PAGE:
TORONTO — Marcus Stroman’s feelings are on the record.

He doesn’t believe the Toronto Blue Jays front office is all that interested in keeping him around long term.

The 28-year-old right-hander said it back in February during the first week of spring training, and he doubled down this week when asked about the rumours that have started to ramp up once again as trade season approaches.

“They've been throwing my name around in trade talks all the time and it doesn't seem like I'm going to be signed here to a long-term deal, so it’s just something you kind of have to come to terms with,” Stroman said Tuesday night after another hard-luck loss in which he pitched into the seventh inning but didn’t get enough run support, a common theme when the Duke product has taken the mound this season.

Asked if he expects to be a Blue Jay after the July 31 trade deadline, Stroman gave another honest assessment.

“Seems like everybody’s saying I’m not going to be, so I don’t know,” he said. “I’m doing everything in my power to keep all that out of my head.”

Stroman isn’t wrong. His days in Toronto are numbered and there’s a handful of reasons it has reached this point.

At this time last year, it was hard to envision GM Ross Atkins finding the right deal for a struggling and injured Stroman at the July trade deadline, leaving them with no choice but to wait things out and hope the health and performance bounced back.

That’s exactly what’s happened this season, as Stroman is enjoying one of the best stretches of his career results-wise with a 3.23 ERA, and the eye test has backed those numbers up.

An underrated aspect of the skillset Stroman brings to the mound is his ability to make things up on the fly when he doesn’t have his best stuff on any given night.

The sinker is the bread and butter but the slider has been a weapon this year — he’s holding the opposition to a .194 batting average with it — and he can also mix in a changeup, cutter and a developing four-seamer when he needs to.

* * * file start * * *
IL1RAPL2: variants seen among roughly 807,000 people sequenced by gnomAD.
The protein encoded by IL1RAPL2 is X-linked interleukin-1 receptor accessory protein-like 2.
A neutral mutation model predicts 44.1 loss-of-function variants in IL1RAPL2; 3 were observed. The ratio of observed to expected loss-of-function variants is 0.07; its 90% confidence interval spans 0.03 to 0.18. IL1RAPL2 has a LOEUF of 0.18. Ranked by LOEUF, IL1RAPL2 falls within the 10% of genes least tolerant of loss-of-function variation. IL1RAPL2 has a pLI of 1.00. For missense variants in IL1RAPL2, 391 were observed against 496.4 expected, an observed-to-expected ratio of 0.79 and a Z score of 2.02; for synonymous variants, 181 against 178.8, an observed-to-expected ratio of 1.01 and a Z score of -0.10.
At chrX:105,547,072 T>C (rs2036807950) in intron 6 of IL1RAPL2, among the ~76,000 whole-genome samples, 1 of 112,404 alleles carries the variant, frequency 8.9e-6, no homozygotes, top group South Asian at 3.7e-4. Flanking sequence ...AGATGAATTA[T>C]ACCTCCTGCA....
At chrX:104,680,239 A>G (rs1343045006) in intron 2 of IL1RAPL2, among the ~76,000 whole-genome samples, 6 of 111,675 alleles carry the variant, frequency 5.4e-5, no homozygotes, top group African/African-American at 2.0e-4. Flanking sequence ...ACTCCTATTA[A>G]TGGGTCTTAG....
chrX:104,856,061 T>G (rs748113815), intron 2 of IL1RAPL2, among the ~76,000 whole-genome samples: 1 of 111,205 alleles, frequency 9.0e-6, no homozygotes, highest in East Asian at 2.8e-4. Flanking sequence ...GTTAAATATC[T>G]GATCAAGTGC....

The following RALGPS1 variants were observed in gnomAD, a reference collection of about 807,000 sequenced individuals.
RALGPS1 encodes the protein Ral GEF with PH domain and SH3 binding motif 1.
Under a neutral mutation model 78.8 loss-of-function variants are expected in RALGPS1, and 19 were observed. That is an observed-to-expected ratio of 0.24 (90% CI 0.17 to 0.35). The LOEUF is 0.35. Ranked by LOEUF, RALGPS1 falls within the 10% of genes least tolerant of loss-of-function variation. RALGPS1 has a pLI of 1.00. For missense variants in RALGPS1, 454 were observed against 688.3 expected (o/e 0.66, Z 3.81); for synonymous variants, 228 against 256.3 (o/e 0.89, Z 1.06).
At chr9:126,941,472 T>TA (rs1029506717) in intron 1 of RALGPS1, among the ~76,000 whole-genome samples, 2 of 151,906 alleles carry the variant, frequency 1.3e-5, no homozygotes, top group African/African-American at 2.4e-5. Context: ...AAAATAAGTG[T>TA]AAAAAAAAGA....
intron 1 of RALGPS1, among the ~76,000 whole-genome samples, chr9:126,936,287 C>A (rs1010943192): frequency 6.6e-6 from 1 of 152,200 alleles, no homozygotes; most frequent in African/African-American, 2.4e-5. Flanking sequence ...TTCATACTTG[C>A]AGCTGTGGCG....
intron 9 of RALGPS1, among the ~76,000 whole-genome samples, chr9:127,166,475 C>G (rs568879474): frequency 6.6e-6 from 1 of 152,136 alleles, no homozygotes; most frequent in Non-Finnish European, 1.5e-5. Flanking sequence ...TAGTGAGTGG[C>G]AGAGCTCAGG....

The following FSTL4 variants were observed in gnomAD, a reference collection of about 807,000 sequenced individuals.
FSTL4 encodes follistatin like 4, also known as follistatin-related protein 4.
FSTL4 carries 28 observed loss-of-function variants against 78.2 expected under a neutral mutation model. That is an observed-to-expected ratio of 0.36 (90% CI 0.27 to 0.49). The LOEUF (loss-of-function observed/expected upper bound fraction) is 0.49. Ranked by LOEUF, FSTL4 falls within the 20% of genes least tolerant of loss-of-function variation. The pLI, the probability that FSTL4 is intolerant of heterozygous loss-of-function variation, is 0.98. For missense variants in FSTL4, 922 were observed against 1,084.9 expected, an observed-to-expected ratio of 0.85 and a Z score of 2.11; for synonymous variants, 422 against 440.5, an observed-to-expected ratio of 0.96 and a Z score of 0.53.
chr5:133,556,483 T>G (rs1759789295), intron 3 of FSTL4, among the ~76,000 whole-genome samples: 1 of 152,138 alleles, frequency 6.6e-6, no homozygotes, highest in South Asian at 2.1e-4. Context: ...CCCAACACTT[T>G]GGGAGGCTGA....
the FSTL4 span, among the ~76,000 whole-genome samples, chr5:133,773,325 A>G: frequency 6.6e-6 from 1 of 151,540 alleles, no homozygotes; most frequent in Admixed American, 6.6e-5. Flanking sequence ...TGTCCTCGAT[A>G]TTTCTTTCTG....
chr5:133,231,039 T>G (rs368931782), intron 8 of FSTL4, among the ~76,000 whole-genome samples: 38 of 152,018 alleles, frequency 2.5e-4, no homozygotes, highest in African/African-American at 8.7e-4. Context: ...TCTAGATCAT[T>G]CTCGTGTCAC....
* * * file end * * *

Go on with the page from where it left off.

Stroman may never be the ace he claims to be, but every single contender is interested in what the diminutive righty actually is: A fiery and competitive mid-rotation starter who can consistently eat innings, while also being capable of flashes of brilliance like he did two years ago at the World Baseball Classic.

Add in the fact that any team acquiring Stroman would get him with another season of control in 2020, and he’s one of the best starting pitching options on the market, regardless of what veteran arms end up in the mix as teams fall out of contention over the next six weeks.

That may lead Atkins and Blue Jays decision-makers to trying to set the market sooner rather than later, instead of letting it come to them once other starters have been moved.

Many have wondered why the pitching-needy Jays would be so eager to deal their best starter.

It’s a fair question.

It’s mostly about asset allocation and the window of contention the Jays envision not really lining up with with, say, a three-year contract extension for Stroman, only to end up back in the same position two years from now with the Jays trying to flip him for future assets.

Jays president Mark Shapiro said back in December they hope that window opens back up in 2021, but even that is probably a best-case scenario when you look at how other rebuilds around baseball have gone over the last half decade or so.

Stroman’s trade value may never be higher than it is right now.

A controllable arm with another season of control should bring back an intriguing package of prospects that lines up better with the core that’s slowly arrived over the past calendar year.

In addition to those factors, there’s no doubt Stroman’s periodic shots at the front office and self-serving leadership style haven’t exactly endeared him to team brass lately.

When the Jays envision their rotation as a contender, they’re dreaming of Nate Pearson atop it, another pitcher or two they’ve developed in the middle, and a significant free-agent signing or two, which is going to have to happen eventually for this rebuild to work.

The next six weeks could be one of the turning points, in either direction, for the Atkins regime.

Cash in two of the better trade chips on the market in Stroman and closer Ken Giles correctly and it could add another wave of talent to a minor-league pipeline that was already considered one of the best in baseball prior to all of the promotions.

Strike out like they did last summer with the J.A. Happ and Josh Donaldson trades, and fans will continue to wonder what the future is really going to look like.

Which is exactly what Stroman is continually – and correctly – wondering aloud, as well.